Despite the best of intentions, mothers frequently give their children over-the-counter drugs incorrectly and sometimes even dangerously, a new study by researchers at the University of Michigan concludes.
"There are no heroes or villains here," said Dr. Marshall H. Becker, professor of public health at the University of Michigan and a coauthor of the study. "Everybody is trying to do the right thing for the child, but for a whole lot of reasons, things get messed up."
Mothers keep home medicine chests well stocked, Becker found, but they often give medications inappropriately. The study found that mothers were best at treating their children for headaches and runny noses, and worst at dealing with upset stomachs, diarrhea and rashes. Almost 80 percent of mothers in the study said that they give medicine to their youngsters for a fever without asking a doctor.
The study did not examine the role of fathers in their children's health.
Of the 500 mothers in the study, half kept seven or more types of drugs on hand for their children, and most mothers frequently stocked one or more drugs per category.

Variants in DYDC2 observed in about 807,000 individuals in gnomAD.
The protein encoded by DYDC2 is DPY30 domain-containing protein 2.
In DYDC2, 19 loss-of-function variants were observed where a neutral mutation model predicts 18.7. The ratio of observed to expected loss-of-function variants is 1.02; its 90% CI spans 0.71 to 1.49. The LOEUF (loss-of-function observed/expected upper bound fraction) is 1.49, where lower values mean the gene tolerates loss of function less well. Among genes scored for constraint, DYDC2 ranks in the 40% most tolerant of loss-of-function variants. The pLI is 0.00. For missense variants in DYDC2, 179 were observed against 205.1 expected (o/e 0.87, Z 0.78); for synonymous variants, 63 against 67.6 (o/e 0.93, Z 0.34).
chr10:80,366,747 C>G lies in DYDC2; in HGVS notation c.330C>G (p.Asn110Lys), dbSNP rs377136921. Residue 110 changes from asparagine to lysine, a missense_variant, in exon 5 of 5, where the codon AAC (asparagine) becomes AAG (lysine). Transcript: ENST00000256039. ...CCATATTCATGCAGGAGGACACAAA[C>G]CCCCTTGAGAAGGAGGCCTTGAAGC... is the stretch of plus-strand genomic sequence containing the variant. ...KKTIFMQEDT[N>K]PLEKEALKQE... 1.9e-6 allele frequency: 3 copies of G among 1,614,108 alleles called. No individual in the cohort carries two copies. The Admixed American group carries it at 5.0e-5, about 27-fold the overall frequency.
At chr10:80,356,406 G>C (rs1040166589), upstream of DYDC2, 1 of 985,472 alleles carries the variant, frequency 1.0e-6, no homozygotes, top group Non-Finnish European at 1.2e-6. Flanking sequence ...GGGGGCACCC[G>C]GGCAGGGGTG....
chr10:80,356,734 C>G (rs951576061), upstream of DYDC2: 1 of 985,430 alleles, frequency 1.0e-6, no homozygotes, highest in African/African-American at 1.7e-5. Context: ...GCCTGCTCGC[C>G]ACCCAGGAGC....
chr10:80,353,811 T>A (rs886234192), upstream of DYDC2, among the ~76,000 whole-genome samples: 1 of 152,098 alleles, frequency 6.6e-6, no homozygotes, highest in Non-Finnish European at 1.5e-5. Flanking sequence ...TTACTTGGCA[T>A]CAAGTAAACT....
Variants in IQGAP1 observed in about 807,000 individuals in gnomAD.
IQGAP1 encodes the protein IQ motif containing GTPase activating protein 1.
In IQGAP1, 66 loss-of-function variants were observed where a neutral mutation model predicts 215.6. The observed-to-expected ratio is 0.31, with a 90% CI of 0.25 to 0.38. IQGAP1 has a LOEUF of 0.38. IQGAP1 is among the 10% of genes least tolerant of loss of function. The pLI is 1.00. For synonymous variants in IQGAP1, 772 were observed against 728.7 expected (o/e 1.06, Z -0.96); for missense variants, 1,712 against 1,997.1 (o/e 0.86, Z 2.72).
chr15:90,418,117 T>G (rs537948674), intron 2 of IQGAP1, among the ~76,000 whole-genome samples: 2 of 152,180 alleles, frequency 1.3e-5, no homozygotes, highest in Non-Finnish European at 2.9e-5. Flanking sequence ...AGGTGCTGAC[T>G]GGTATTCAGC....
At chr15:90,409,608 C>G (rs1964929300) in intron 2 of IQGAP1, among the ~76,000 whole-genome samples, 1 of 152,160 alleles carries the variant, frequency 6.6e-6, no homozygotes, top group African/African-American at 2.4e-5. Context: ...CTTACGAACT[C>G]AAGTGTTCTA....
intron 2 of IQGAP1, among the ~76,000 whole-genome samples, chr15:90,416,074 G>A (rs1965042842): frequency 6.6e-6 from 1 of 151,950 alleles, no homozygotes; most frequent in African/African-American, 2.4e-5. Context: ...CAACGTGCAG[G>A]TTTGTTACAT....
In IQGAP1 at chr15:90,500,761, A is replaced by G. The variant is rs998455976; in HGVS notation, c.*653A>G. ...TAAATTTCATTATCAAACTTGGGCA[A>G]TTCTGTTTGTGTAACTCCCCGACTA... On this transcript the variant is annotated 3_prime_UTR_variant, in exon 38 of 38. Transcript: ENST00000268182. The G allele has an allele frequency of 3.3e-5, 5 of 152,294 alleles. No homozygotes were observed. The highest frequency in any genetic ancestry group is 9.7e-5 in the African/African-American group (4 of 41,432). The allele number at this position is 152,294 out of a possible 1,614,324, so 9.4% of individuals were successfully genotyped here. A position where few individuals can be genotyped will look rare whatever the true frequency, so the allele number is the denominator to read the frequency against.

To better treat kids, including cases requiring prescription medications, Becker recommends that parents: Look for the expiration date on medications and don't use them after they have expired. For example, the antibiotic tetracycline can become toxic if it is used beyond its shelf life. Always take the right amount for the right amount of time; overuse of antibiotics can result in the development of bacterial strains that are difficult to treat. Avoid giving over-the-counter drugs as prevention. Becker and his coauthor, Dr. Lois Maiman of the University of Rochester, found that some mothers gave laxatives to their children to prevent constipation. Others administered one or two aspirin tablets daily to prevent headaches. Both practices can cause health problems, Becker said. If symptoms persist, see a doctor. Chronic headaches, for example, can signal a serious illness. Giving drugs can mask whatever is wrong or even cause additional ailments. For example, children who are given daily doses of Pepto-Bismol can develop bismuth poisoning, Becker said. Be sure to tell family physicians or pediatricians if you have given your child any over-the-counter drugs.